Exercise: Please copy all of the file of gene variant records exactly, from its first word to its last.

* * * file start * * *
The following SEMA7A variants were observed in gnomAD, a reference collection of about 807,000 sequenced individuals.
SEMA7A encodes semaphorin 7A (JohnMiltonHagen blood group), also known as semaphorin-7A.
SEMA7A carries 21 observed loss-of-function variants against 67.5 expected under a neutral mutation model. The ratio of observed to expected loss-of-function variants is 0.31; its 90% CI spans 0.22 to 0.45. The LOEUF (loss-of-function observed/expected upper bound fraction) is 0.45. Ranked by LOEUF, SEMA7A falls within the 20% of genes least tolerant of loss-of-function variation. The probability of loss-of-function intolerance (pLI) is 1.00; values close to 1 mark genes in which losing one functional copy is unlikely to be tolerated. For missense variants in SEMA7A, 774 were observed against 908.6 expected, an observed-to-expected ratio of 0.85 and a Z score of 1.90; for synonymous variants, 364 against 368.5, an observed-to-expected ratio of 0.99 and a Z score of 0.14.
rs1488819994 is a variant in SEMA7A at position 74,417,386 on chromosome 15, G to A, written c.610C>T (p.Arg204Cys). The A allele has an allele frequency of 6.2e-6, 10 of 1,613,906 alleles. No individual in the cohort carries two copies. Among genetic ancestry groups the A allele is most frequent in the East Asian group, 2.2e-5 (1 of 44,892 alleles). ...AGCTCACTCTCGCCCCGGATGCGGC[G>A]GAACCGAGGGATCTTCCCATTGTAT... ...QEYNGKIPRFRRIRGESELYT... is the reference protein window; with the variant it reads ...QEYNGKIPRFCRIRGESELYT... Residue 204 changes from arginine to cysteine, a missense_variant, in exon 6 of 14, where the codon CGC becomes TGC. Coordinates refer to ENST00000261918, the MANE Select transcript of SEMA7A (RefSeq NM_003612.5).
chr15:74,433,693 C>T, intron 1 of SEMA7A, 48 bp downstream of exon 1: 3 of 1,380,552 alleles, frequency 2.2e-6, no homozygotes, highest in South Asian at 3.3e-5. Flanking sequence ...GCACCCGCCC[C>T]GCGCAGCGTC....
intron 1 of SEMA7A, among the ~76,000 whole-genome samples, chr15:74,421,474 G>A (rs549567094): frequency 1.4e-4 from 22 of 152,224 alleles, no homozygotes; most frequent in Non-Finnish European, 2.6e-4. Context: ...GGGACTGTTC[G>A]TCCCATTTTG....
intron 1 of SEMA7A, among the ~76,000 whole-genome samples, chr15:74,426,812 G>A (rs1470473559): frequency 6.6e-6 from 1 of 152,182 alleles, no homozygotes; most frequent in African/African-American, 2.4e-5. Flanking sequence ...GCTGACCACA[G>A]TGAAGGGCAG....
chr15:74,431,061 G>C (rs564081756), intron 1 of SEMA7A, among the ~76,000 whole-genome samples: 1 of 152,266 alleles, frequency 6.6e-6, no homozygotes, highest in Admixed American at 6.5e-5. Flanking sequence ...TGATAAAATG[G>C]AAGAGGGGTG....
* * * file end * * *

The following SEMA7A variants were observed in gnomAD, a reference collection of about 807,000 sequenced individuals.
SEMA7A encodes semaphorin 7A (JohnMiltonHagen blood group), also known as semaphorin-7A.
SEMA7A carries 21 observed loss-of-function variants against 67.5 expected under a neutral mutation model. The ratio of observed to expected loss-of-function variants is 0.31; its 90% CI spans 0.22 to 0.45. The LOEUF (loss-of-function observed/expected upper bound fraction) is 0.45. Ranked by LOEUF, SEMA7A falls within the 20% of genes least tolerant of loss-of-function variation. The probability of loss-of-function intolerance (pLI) is 1.00; values close to 1 mark genes in which losing one functional copy is unlikely to be tolerated. For missense variants in SEMA7A, 774 were observed against 908.6 expected, an observed-to-expected ratio of 0.85 and a Z score of 1.90; for synonymous variants, 364 against 368.5, an observed-to-expected ratio of 0.99 and a Z score of 0.14.
rs1488819994 is a variant in SEMA7A at position 74,417,386 on chromosome 15, G to A, written c.610C>T (p.Arg204Cys). The A allele has an allele frequency of 6.2e-6, 10 of 1,613,906 alleles. No individual in the cohort carries two copies. Among genetic ancestry groups the A allele is most frequent in the East Asian group, 2.2e-5 (1 of 44,892 alleles). ...AGCTCACTCTCGCCCCGGATGCGGC[G>A]GAACCGAGGGATCTTCCCATTGTAT... ...QEYNGKIPRFRRIRGESELYT... is the reference protein window; with the variant it reads ...QEYNGKIPRFCRIRGESELYT... Residue 204 changes from arginine to cysteine, a missense_variant, in exon 6 of 14, where the codon CGC becomes TGC. Coordinates refer to ENST00000261918, the MANE Select transcript of SEMA7A (RefSeq NM_003612.5).
chr15:74,433,693 C>T, intron 1 of SEMA7A, 48 bp downstream of exon 1: 3 of 1,380,552 alleles, frequency 2.2e-6, no homozygotes, highest in South Asian at 3.3e-5. Flanking sequence ...GCACCCGCCC[C>T]GCGCAGCGTC....
intron 1 of SEMA7A, among the ~76,000 whole-genome samples, chr15:74,421,474 G>A (rs549567094): frequency 1.4e-4 from 22 of 152,224 alleles, no homozygotes; most frequent in Non-Finnish European, 2.6e-4. Context: ...GGGACTGTTC[G>A]TCCCATTTTG....
intron 1 of SEMA7A, among the ~76,000 whole-genome samples, chr15:74,426,812 G>A (rs1470473559): frequency 6.6e-6 from 1 of 152,182 alleles, no homozygotes; most frequent in African/African-American, 2.4e-5. Flanking sequence ...GCTGACCACA[G>A]TGAAGGGCAG....
chr15:74,431,061 G>C (rs564081756), intron 1 of SEMA7A, among the ~76,000 whole-genome samples: 1 of 152,266 alleles, frequency 6.6e-6, no homozygotes, highest in Admixed American at 6.5e-5. Flanking sequence ...TGATAAAATG[G>C]AAGAGGGGTG....